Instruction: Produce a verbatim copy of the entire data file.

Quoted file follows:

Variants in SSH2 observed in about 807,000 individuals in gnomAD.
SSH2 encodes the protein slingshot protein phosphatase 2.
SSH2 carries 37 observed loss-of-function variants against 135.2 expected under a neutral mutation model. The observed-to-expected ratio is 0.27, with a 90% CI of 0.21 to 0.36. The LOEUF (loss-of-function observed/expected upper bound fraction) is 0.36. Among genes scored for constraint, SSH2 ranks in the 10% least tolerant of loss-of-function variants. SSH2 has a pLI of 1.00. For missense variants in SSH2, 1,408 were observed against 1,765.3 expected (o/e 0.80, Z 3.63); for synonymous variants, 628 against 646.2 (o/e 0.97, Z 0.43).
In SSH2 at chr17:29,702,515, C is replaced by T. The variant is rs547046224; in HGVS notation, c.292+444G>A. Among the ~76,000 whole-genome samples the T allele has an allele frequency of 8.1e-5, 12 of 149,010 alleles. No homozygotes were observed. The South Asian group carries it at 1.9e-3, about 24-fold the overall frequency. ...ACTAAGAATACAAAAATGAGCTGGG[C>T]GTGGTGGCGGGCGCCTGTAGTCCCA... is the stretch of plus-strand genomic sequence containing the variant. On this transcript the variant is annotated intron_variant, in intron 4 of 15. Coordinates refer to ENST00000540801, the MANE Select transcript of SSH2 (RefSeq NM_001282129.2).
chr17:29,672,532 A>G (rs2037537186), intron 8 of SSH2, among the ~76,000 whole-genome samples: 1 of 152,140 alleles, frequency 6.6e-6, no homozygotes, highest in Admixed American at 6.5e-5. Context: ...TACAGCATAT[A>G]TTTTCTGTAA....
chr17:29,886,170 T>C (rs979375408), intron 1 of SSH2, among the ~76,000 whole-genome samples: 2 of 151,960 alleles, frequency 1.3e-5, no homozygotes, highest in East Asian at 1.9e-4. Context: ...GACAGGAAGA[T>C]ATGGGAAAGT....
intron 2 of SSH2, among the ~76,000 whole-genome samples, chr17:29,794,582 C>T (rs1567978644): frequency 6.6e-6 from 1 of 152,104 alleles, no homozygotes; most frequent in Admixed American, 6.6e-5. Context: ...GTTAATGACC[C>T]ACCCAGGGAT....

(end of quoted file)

Variants in SSH2 observed in about 807,000 individuals in gnomAD.
SSH2 encodes the protein slingshot protein phosphatase 2.
SSH2 carries 37 observed loss-of-function variants against 135.2 expected under a neutral mutation model. The observed-to-expected ratio is 0.27, with a 90% CI of 0.21 to 0.36. The LOEUF (loss-of-function observed/expected upper bound fraction) is 0.36. Among genes scored for constraint, SSH2 ranks in the 10% least tolerant of loss-of-function variants. SSH2 has a pLI of 1.00. For missense variants in SSH2, 1,408 were observed against 1,765.3 expected (o/e 0.80, Z 3.63); for synonymous variants, 628 against 646.2 (o/e 0.97, Z 0.43).
In SSH2 at chr17:29,702,515, C is replaced by T. The variant is rs547046224; in HGVS notation, c.292+444G>A. Among the ~76,000 whole-genome samples the T allele has an allele frequency of 8.1e-5, 12 of 149,010 alleles. No homozygotes were observed. The South Asian group carries it at 1.9e-3, about 24-fold the overall frequency. ...ACTAAGAATACAAAAATGAGCTGGG[C>T]GTGGTGGCGGGCGCCTGTAGTCCCA... is the stretch of plus-strand genomic sequence containing the variant. On this transcript the variant is annotated intron_variant, in intron 4 of 15. Coordinates refer to ENST00000540801, the MANE Select transcript of SSH2 (RefSeq NM_001282129.2).
chr17:29,672,532 A>G (rs2037537186), intron 8 of SSH2, among the ~76,000 whole-genome samples: 1 of 152,140 alleles, frequency 6.6e-6, no homozygotes, highest in Admixed American at 6.5e-5. Context: ...TACAGCATAT[A>G]TTTTCTGTAA....
chr17:29,886,170 T>C (rs979375408), intron 1 of SSH2, among the ~76,000 whole-genome samples: 2 of 151,960 alleles, frequency 1.3e-5, no homozygotes, highest in East Asian at 1.9e-4. Context: ...GACAGGAAGA[T>C]ATGGGAAAGT....
intron 2 of SSH2, among the ~76,000 whole-genome samples, chr17:29,794,582 C>T (rs1567978644): frequency 6.6e-6 from 1 of 152,104 alleles, no homozygotes; most frequent in Admixed American, 6.6e-5. Context: ...GTTAATGACC[C>T]ACCCAGGGAT....